Kerryn Hildebrand Nelson 12th June 2019
Thousands of people are being underpaid vital disability benefits, often because they’re afraid of assessment.
A total of £400m is going unclaimed because of mistakes made by both the Department for Work and Pensions (DWP) and disabled claimants, according to its annual findings for Fraud and Error in the Benefit System.
The DWP pays welfare benefits to over 20 million people in the UK, many of whom are disabled and unable to work.
The statistics show estimates for how much is incorrectly dished out, either in overpayments (paying people more than they’re entitled to) or underpayments (not paying the full amount they’re entitled to).
Strikingly, the report shows 84% of underpayments involving personal independence payments (PIP) – the benefit for those with a long-term disability or ill health — was due to claimant error. In other words, more than three-quarters of people who received less than they should did so because they either provided inaccurate information or didn’t report changes in their circumstances.
PIP began replacing the disability living allowance in 2013 and was designed to provide more targeted support for disabled people in the UK. But taking into consideration the large number of claimant errors as well as the recent independent government reviews of the process, these trends indicate the PIP benefit system is still incredibly inaccessible and difficult to engage with.
At a time when benefits budgets are already stretched and projected to shrink by £37bn by 2021— with some of the biggest cuts being made to disability benefits — every penny counts.
I didn’t ask for a reassessment because you’re too frightened to
Steve Hall, a solicitor with the Disability Law Service (DLS), clarifies that the underpayment of welfare benefits can have serious knock-on effects, specifically for those who are already the most vulnerable in society.
“If people are not receiving the benefits due to them, they could experience difficulties accessing work or social and recreational facilities, as well as missing out on basics such as meals, heating and necessary specialist equipment such as wheelchairs or aids and appliances in the home,” he says.
There are many reasons why claimants might not give the right information in order to get the full amount they’re entitled to.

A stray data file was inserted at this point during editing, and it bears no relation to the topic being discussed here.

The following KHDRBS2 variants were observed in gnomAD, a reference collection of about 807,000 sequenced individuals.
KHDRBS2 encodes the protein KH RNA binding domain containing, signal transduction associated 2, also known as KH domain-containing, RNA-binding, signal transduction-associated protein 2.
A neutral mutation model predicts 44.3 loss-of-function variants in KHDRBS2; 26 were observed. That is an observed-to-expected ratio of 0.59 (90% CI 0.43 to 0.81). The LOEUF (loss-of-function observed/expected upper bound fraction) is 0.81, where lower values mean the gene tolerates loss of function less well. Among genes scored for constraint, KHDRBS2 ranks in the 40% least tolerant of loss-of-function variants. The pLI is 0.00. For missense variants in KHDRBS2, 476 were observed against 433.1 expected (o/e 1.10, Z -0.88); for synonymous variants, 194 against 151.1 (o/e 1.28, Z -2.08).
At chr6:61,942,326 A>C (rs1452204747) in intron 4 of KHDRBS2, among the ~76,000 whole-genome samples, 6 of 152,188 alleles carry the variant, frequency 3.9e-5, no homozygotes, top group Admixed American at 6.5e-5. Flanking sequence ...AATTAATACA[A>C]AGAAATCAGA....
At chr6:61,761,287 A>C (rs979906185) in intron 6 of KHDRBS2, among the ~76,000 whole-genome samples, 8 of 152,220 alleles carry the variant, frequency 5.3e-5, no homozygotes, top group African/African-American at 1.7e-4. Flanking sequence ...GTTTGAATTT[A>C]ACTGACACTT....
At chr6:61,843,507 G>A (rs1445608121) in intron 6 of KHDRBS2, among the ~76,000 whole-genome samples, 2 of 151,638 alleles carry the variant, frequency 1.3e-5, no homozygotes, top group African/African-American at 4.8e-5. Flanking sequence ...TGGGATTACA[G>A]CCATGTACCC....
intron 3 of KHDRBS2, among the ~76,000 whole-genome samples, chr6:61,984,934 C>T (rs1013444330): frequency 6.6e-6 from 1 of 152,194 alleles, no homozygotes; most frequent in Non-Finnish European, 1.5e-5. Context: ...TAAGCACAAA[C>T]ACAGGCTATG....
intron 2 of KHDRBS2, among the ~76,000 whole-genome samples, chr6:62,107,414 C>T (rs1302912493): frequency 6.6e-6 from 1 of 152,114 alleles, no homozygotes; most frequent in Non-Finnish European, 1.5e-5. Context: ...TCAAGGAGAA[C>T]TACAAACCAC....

Michelle Maher, a disabled campaigner behind the organisation WOW, says there is a culture of fear surrounding the PIP system and claimants are deliberately choosing not to report.
“Even with myself where I was really ill I didn’t ask for a reassessment because you’re too frightened to,” she explains. “This is where the underpayments come in. People are too frightened. Including myself.”
“Mass underpayments, mass confusion. A fear of rocking the boat, the fear of claiming, a fear of changing your assessment. Just fear. It’s a mass hostile environment. No one is asking for more support when you need it and that is happening across the board. It’s a total mess.”
She cried more about getting the PIP reassessment than getting her terminal diagnosis
WOW provides a platform for disabled people to share their stories and Maher explains they have been inundated with voices from around the UK, each one outlining the anxiety and distress that comes with having to navigate a system that is not fit for purpose.
“One of the earliest voices on the WOW campaign is from a girl who is terminally ill. She commented that she cried more about getting the PIP reassessment than getting her terminal diagnosis. And for me, that’s one of our hardest hitting voices,” she says.
Hall explains that the lack of advice and support are two main reasons for the disengagement with the PIP system.
“The system can be daunting and complicated, particularly for disabled people. Legal aid is non-existent. People are reliant on help from local advice agencies and small charities who are all struggling with funding and capacity,” he says.
“Simply calling the DWP PIP ‘helpline’ can be a struggle for claimants, as it is not unheard of for people to be waiting for 45 minutes or more for their call to be answered.
“There is also a genuine fear that their benefits may be reduced or withdrawn following a re-assessment. Many claimants find the assessments an extremely unpleasant experience and there are frequent problems with claimants complaining that assessors have lied, ignored evidence and reported things, which simply never happened.”
This all comes alongside other statistics recently revealed in parliamentary questions, which show complaints about the disability benefits test — required as part of receiving PIP — have jumped from 1,391 in 2016/17 to 9,320 in 2018/19. This is a 600% increase in just one year.
Phil Watkins from the Disability Forum agrees that the PIP assessment process is unfair towards disabled people, particularly because tests are outsourced, and assessors often have limited medical training when it comes to specific conditions.
For Watkins, there are also other factors at play. The extended time frames for claims, the push towards an online system, the unnecessary forms as well as the complex tier scheme for claiming welfare, all contribute to an overall lack of understanding for applicants.
WOW has worked hard at lobbying local members of parliament as well as organising multiple petitions. But Maher explains these attempts towards change have failed due to a lack of cross-party support and limited media attention.
“We got the debate in the House of Commons in 2014, but none of the pollies showed up. We got it back in December last year but it’s been blocked at every turn. And again there was barely any MP’s there and simply no media interest.”
“We have good links with Labour MPs… but we need more support. We’re running out of people to write to.”
Kerryn Hildebrand Nelson 12th June 2019